Pergram: Congress rings in holidays with one of its most stressful Decembers ever – Fox News
Report: U.S. and China reach phase one trade deal – Fox Business
Congress reaches deal for $1.3 trillion in spending, likely averting shutdown threat – WaPo
Senate Confirms Stephen Hahn as new F.D.A. boss – NYT
Lawyer John Sullivan confirmed as next U.S. ambassador to Russia – Reuters
AUDIBLE: ADCOCK, INDEED
“A chicken can kill a chicken and eat a chicken. They’re starting to henpeck each other. We’re eating our own.” – Chris Adcock, chairwoman of the Page County Democratic Party in Iowa, discussing the Democratic presidential candidates with the WaPo.
ANY GIVEN SUNDAY
This weekend Mr. Sunday will sit down with former FBI Director James Comey, White House Special Adviser Pam Bondi and Rep. Adam Schiff, D-Calif. Plus, be sure to tune in as Chris shares the latest Fox News national polls on impeachment and the 2020 election. Watch “Fox News Sunday with Chris Wallace.” Check local listings for broadcast times in your area.
#mediabuzz – Host Howard Kurtz has the latest take on the week’s media coverage. Watch #mediabuzz Sundays at 11 a.m. ET.
FROM THE BLEACHERS
“I happen to live in an early primary state, and of course we have been inundated with Tom 2020 and Mike 2020 commercials ad nauseam, the hilarity of these two in rolled up sleeves and dungarees pretending to be just like the common working man, nearly leaves me in convulsions. If you can reach them by wire or wireless, please ask them to stop. Not wishing my remaining days away the February primary simply can’t get here soon enough!” – James W. Herzog, Spartanburg, S.C.
[Ed. note: You had me at “dungarees” Mr. Herzog. Would that I could spare you. But at least the weather is good in Spartanburg this time of year!]
“I’m a lifelong conservative and know when someone has a bias. I’ve watched you on Fox and have read your articles on Fox News Halftime Report. I know I’m biased and watch Fox News because I like the thinking of the Fox News pundits but if I want your subliminal anti Conservative messages I’ll watch the mainstream media. I must be a glutton for punishment reading your daily article. I’m sorry but you are biased against Mr. Trump.” – Dick Alexander, Pickerington, Ohio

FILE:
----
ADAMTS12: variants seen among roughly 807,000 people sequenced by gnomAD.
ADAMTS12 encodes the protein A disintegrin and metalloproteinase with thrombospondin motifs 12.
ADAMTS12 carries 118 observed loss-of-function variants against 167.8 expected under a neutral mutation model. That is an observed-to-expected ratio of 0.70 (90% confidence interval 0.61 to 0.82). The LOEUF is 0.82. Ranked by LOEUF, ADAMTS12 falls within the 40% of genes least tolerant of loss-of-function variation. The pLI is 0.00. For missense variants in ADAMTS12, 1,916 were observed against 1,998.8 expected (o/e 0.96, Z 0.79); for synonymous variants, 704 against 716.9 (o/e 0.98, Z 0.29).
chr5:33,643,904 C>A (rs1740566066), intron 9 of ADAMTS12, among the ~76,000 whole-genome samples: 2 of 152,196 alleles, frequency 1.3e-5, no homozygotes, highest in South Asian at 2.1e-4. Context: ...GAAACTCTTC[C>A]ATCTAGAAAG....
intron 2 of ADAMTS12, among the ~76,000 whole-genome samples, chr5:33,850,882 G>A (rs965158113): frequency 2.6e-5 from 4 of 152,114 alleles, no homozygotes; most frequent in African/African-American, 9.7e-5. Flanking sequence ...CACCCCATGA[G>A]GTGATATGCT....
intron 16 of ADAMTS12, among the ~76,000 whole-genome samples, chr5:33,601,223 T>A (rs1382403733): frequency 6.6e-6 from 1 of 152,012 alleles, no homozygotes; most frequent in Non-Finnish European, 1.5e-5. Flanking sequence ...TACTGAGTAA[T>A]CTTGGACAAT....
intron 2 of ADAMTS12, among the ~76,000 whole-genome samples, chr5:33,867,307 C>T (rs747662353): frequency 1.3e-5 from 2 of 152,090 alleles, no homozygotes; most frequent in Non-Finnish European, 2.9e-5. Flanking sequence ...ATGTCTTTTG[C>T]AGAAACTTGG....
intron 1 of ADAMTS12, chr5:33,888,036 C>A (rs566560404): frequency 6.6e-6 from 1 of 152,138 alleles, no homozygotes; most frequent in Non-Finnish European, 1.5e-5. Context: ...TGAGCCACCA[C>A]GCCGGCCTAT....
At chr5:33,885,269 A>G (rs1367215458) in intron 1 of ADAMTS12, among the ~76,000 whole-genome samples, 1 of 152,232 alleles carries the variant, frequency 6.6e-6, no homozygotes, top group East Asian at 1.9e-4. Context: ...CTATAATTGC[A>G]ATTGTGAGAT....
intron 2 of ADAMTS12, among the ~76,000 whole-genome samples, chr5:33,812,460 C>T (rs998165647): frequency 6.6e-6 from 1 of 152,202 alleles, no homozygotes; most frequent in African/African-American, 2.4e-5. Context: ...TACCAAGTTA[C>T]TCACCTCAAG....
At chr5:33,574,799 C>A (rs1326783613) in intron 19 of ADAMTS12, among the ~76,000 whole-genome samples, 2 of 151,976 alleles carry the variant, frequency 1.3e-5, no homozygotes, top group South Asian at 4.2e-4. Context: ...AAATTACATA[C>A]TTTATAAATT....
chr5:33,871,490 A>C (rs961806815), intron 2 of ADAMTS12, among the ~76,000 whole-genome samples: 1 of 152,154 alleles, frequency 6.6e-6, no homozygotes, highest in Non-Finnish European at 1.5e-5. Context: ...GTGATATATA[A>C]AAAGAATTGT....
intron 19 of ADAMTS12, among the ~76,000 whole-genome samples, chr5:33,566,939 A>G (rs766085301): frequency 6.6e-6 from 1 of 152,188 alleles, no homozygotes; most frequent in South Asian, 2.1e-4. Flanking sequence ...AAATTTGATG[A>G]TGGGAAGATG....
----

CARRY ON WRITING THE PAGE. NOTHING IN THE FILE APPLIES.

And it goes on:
[Ed. note: Oh now, Mr. Alexander! Subliminal anti-conservative messages! It can’t be all that bad. Maybe you like the jokes or reader letters. Or maybe you agree with me on the best kind of hot dogs. Whatever it is, I’m glad you’re here and I do truly hope we’re helping you see the world of politics and government in a broader, more interesting way. And for the record, I don’t stand with any politician or party and I most assuredly don’t care how you vote.]
“This is a bit off topic (politics yesterday, today and forever), but probably has a more profound impact on one of the institutions that unite us, namely baseball. The word is out that the powers that be wish to eliminate 42 minor league teams, where players develop the skills needed to compete in the majors, as an economy measure. Bernie Sanders, among others, is talking about a review of baseball’s antitrust exemption if they follow through with the idea. Perhaps you could give us the history of what that exemption covers, why baseball has it, and a discussion of the issues involved.” – Bruce Moyer, Southgate, Mich.